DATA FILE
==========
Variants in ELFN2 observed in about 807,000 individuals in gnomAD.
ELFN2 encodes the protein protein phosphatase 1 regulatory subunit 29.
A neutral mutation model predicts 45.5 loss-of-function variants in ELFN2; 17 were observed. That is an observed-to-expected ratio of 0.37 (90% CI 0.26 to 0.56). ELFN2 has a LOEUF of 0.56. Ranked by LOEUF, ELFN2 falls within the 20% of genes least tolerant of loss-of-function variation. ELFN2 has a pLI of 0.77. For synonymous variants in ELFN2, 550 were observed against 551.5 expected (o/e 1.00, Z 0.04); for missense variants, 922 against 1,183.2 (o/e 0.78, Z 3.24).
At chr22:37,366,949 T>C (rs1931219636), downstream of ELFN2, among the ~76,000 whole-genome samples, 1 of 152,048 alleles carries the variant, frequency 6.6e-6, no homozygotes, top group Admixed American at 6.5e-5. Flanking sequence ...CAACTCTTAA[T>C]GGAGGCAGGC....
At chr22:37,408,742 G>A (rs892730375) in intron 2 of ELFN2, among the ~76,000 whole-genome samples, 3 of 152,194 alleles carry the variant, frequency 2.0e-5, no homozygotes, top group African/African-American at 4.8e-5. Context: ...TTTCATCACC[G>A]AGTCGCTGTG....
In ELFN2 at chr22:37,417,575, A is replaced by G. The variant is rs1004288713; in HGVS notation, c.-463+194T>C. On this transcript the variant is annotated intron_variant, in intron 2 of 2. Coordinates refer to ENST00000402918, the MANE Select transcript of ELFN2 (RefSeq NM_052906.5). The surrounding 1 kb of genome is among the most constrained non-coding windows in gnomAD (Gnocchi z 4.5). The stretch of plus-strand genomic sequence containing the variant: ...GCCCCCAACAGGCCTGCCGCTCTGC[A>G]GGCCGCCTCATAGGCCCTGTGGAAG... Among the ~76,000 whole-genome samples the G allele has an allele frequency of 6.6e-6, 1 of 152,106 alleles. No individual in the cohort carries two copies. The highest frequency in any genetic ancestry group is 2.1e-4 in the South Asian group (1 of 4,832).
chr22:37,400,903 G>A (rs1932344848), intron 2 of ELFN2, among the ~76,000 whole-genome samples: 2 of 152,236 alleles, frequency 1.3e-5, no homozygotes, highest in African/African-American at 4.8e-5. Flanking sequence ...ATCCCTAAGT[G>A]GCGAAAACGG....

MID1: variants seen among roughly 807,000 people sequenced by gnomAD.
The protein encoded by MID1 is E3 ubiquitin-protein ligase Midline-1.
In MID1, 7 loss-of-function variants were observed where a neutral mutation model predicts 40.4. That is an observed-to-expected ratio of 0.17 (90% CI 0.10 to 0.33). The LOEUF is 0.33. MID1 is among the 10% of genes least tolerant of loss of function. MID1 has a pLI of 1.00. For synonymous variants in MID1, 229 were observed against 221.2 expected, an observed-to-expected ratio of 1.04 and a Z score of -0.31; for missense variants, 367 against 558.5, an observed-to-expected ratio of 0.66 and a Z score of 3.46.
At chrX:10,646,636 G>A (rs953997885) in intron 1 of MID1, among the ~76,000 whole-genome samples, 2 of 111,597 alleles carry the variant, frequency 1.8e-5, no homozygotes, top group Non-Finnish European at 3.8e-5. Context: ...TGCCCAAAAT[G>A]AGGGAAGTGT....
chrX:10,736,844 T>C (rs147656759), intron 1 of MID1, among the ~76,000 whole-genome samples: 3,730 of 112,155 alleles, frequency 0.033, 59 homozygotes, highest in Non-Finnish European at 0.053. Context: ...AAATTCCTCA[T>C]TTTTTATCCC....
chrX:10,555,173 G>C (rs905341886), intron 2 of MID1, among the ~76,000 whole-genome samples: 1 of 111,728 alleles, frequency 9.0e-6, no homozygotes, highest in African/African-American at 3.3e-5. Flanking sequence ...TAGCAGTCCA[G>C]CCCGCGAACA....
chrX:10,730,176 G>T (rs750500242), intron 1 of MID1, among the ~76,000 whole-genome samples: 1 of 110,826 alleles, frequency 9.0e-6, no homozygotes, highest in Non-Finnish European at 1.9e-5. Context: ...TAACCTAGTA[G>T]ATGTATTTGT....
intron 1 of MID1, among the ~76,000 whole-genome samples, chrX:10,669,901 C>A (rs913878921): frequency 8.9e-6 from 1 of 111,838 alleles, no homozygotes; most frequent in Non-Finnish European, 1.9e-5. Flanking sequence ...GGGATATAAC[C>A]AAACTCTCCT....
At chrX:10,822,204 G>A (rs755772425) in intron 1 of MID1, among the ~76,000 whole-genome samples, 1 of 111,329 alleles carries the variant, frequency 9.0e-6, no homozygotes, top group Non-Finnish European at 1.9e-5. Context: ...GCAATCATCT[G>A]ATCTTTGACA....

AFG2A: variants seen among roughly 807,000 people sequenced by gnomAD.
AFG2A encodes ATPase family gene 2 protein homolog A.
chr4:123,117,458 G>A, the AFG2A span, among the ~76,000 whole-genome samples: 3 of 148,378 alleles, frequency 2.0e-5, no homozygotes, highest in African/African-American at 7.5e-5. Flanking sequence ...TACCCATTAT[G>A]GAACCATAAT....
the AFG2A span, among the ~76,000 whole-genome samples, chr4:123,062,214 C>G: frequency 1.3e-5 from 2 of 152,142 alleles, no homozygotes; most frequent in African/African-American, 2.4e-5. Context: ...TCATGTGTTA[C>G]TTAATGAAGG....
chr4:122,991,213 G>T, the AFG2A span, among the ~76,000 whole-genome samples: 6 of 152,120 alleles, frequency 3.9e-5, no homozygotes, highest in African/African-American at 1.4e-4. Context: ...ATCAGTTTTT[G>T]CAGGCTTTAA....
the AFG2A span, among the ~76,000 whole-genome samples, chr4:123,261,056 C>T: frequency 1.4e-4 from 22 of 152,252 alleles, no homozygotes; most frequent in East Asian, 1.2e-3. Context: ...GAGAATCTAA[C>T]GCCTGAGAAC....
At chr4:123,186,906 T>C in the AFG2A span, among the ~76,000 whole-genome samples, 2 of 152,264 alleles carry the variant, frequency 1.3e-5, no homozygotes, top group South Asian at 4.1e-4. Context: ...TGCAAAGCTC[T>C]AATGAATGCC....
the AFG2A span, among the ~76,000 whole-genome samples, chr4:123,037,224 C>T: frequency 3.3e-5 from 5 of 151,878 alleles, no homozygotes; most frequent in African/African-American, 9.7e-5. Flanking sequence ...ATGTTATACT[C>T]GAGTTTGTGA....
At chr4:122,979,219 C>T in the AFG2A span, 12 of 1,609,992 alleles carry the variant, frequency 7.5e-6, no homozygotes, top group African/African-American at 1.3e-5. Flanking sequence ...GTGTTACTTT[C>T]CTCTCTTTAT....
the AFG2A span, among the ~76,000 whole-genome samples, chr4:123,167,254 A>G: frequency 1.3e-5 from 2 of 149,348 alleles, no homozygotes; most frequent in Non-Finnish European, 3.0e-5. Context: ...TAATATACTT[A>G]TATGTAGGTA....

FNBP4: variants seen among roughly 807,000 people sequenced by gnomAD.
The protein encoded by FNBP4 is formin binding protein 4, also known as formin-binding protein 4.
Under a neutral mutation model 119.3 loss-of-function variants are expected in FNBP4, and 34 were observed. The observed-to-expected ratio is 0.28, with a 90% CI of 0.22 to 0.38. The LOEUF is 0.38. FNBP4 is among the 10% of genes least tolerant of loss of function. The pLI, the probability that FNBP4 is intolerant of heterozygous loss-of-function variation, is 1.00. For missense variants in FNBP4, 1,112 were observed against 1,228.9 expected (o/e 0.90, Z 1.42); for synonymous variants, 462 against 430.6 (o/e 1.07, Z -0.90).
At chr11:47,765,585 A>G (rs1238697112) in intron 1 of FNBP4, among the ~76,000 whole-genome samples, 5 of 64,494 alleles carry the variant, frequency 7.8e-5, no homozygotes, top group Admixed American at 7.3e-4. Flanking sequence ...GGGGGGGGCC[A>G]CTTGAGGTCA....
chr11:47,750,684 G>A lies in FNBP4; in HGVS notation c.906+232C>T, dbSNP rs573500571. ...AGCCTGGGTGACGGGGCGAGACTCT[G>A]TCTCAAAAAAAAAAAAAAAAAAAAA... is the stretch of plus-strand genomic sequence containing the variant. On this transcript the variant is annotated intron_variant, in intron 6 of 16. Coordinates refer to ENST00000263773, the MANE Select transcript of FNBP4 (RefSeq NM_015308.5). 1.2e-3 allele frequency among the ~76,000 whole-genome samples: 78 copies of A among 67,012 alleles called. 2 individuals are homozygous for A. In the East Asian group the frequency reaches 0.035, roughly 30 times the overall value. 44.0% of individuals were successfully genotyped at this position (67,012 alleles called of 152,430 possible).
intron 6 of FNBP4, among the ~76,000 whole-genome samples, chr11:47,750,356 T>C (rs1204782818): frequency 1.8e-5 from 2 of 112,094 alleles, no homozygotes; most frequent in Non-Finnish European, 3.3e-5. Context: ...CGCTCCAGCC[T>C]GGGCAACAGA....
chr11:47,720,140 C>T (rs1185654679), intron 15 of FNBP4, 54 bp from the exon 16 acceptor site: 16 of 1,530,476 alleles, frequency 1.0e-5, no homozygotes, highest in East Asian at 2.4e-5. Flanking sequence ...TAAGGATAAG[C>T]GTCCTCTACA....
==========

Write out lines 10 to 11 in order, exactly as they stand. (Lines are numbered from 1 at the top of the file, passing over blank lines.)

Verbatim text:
In MID1, 7 loss-of-function variants were observed where a neutral mutation model predicts 40.4. That is an observed-to-expected ratio of 0.17 (90% CI 0.10 to 0.33). The LOEUF is 0.33. MID1 is among the 10% of genes least tolerant of loss of function. MID1 has a pLI of 1.00. For synonymous variants in MID1, 229 were observed against 221.2 expected, an observed-to-expected ratio of 1.04 and a Z score of -0.31; for missense variants, 367 against 558.5, an observed-to-expected ratio of 0.66 and a Z score of 3.46.
At chrX:10,646,636 G>A (rs953997885) in intron 1 of MID1, among the ~76,000 whole-genome samples, 2 of 111,597 alleles carry the variant, frequency 1.8e-5, no homozygotes, top group Non-Finnish European at 3.8e-5. Context: ...TGCCCAAAAT[G>A]AGGGAAGTGT....